IDEAS home Printed from
   My bibliography  Save this paper

Corporate Social Responsibility as Business Strategy


  • Rowe, James


I argue that Corporate Social Responsibility (CSR), particularly the corporate code of conduct, has been one of global business’ preferred strategies for quelling popular discontent with corporate power. By “business strategy†I mean organized responses, through organizations like the International Chamber of Commerce (ICC), to the threat public regulation poses to business’s collective self-interest. Attention to CSR’s historical development reveals it has flourished as discourse and practice at times when corporations became subject to intense public scrutiny. In this essay I outline two periods of corporate crisis, and account for the role codes have played in quieting public concern over increasing corporate power: 1) When developing countries along with Western unions and social activists were calling for a ‘New International Economic Order’ that would more tightly regulate the activity of Transnational Corporations (1960-1976); and 2) When mass anti-globalization demonstrations and high profile corporate scandals are increasing the demand for regulation (1998-Present).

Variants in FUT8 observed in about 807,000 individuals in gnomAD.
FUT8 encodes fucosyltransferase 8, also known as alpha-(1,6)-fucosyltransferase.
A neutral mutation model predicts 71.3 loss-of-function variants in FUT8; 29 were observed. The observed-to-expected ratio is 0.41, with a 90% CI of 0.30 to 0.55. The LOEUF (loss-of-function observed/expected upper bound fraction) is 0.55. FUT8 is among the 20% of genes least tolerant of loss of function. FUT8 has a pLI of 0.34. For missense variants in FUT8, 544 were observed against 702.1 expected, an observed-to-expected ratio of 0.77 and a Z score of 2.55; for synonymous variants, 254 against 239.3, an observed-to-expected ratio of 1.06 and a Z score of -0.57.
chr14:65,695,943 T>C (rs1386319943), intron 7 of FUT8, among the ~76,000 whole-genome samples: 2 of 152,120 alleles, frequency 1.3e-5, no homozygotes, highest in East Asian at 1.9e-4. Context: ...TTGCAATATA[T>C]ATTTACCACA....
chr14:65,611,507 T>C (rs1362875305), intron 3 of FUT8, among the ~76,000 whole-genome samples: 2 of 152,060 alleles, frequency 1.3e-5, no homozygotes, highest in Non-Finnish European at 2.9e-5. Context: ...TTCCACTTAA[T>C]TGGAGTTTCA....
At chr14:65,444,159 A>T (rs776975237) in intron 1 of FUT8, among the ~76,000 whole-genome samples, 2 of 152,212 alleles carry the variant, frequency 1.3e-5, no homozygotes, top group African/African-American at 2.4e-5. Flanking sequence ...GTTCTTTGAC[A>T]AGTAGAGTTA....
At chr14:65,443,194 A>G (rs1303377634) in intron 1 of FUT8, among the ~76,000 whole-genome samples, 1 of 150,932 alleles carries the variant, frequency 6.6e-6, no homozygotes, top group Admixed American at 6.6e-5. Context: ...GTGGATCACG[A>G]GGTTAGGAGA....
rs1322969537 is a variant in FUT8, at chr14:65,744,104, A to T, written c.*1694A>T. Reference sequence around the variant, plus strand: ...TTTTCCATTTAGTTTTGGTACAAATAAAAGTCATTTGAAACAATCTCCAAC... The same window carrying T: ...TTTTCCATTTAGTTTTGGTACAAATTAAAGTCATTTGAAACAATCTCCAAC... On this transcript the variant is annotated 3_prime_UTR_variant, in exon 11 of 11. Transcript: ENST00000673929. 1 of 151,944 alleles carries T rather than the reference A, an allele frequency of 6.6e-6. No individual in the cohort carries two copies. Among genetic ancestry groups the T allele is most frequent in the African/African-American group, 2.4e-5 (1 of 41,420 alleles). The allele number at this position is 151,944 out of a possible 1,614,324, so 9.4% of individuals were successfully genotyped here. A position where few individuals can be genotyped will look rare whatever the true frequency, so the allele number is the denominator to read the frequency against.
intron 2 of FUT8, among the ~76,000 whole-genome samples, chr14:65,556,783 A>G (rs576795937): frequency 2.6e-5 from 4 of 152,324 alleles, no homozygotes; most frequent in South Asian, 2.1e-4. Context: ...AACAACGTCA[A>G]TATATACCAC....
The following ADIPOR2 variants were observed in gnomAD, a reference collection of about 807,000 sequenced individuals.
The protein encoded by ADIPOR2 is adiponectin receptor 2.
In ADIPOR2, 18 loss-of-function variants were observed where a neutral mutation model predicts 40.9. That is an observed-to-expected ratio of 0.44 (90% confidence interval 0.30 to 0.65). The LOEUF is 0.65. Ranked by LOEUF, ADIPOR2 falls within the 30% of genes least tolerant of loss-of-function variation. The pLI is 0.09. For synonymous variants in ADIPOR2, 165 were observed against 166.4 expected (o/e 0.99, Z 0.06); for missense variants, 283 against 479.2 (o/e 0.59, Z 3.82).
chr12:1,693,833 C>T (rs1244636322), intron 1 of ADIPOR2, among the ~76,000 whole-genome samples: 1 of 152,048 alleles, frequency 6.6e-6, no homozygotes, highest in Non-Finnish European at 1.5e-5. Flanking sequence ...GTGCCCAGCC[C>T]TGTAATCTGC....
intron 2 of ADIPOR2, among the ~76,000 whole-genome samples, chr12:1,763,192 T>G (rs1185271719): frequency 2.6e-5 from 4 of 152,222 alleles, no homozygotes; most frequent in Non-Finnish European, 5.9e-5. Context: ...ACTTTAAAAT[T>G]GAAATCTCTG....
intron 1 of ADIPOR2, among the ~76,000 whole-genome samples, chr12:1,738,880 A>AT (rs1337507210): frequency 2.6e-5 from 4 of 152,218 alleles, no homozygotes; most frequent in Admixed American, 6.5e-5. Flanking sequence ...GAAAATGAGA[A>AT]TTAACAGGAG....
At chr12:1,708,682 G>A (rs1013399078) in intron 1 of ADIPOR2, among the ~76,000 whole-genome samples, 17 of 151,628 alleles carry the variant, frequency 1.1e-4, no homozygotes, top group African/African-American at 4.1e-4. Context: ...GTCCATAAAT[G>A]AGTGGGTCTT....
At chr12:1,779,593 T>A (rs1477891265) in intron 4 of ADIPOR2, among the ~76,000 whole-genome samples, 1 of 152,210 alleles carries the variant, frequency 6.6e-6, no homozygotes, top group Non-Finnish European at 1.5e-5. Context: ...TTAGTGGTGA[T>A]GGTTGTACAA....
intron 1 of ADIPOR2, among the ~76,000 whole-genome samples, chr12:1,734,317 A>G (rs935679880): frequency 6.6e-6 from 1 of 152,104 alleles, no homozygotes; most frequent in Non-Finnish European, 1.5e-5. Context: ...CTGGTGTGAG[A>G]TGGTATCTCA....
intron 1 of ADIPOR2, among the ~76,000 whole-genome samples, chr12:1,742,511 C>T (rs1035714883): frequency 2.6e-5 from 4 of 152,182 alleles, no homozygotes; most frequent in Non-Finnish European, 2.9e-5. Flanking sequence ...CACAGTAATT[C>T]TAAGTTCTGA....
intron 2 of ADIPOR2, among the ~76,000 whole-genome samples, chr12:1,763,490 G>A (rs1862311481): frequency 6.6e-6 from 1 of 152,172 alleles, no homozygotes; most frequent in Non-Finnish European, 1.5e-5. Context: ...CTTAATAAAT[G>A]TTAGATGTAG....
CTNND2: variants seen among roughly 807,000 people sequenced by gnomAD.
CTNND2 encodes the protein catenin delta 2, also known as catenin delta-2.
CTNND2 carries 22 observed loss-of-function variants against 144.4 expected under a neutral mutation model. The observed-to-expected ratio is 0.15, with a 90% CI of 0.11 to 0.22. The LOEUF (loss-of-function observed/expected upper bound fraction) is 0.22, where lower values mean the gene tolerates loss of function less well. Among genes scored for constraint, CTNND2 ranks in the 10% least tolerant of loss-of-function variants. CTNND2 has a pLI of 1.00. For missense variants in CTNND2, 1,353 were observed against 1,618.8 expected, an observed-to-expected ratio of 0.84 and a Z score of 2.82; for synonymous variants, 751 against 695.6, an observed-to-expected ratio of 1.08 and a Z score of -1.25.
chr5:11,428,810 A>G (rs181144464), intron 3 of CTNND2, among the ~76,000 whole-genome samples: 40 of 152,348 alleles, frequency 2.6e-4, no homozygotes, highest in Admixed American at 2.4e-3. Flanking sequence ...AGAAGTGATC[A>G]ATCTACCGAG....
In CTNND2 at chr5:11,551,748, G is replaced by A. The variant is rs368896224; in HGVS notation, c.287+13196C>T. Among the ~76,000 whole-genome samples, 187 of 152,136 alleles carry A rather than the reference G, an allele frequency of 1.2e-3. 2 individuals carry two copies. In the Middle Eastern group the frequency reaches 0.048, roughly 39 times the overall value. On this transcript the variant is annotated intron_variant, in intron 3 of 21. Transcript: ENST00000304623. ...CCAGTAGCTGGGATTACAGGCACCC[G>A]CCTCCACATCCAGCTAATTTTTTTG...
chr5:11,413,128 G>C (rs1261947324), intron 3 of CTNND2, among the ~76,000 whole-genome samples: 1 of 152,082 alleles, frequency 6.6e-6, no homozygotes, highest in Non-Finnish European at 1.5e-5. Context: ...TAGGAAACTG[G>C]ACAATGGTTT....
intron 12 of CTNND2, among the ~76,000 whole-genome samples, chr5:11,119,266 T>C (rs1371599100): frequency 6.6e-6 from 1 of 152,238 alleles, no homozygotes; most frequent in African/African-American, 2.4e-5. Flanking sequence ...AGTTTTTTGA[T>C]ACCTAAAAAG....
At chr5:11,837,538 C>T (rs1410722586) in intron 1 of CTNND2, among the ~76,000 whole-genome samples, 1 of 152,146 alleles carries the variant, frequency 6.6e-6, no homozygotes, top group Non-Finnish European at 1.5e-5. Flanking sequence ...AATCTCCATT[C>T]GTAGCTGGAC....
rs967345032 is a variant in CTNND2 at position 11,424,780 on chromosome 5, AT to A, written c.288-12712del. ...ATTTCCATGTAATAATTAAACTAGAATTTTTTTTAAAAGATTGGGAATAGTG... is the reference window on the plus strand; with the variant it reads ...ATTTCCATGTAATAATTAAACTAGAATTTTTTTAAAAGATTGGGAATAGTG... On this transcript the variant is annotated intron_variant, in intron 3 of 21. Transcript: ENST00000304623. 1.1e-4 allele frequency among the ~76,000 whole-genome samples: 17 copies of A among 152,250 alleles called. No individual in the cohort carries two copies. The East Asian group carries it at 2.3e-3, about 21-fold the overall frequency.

Suggested Citation

  • Rowe, James, 2005. "Corporate Social Responsibility as Business Strategy," Center for Global, International and Regional Studies, Working Paper Series qt5dq43315, Center for Global, International and Regional Studies, UC Santa Cruz.
  • Handle: RePEc:cdl:glinre:qt5dq43315

    Download full text from publisher

    File URL:;origin=repeccitec
    Download Restriction: no

    More about this item


    Globalization and Regulation;


    Access and download statistics


    All material on this site has been provided by the respective publishers and authors. You can help correct errors and omissions. When requesting a correction, please mention this item's handle: RePEc:cdl:glinre:qt5dq43315. See general information about how to correct material in RePEc.

    For technical questions regarding this item, or to correct its authors, title, abstract, bibliographic or download information, contact: (Lisa Schiff). General contact details of provider: .

    If you have authored this item and are not yet registered with RePEc, we encourage you to do it here. This allows to link your profile to this item. It also allows you to accept potential citations to this item that we are uncertain about.

    We have no references for this item. You can help adding them by using this form .

    If you know of missing items citing this one, you can help us creating those links by adding the relevant references in the same way as above, for each refering item. If you are a registered author of this item, you may also want to check the "citations" tab in your RePEc Author Service profile, as there may be some citations waiting for confirmation.

    Please note that corrections may take a couple of weeks to filter through the various RePEc services.

    IDEAS is a RePEc service hosted by the Research Division of the Federal Reserve Bank of St. Louis . RePEc uses bibliographic data supplied by the respective publishers.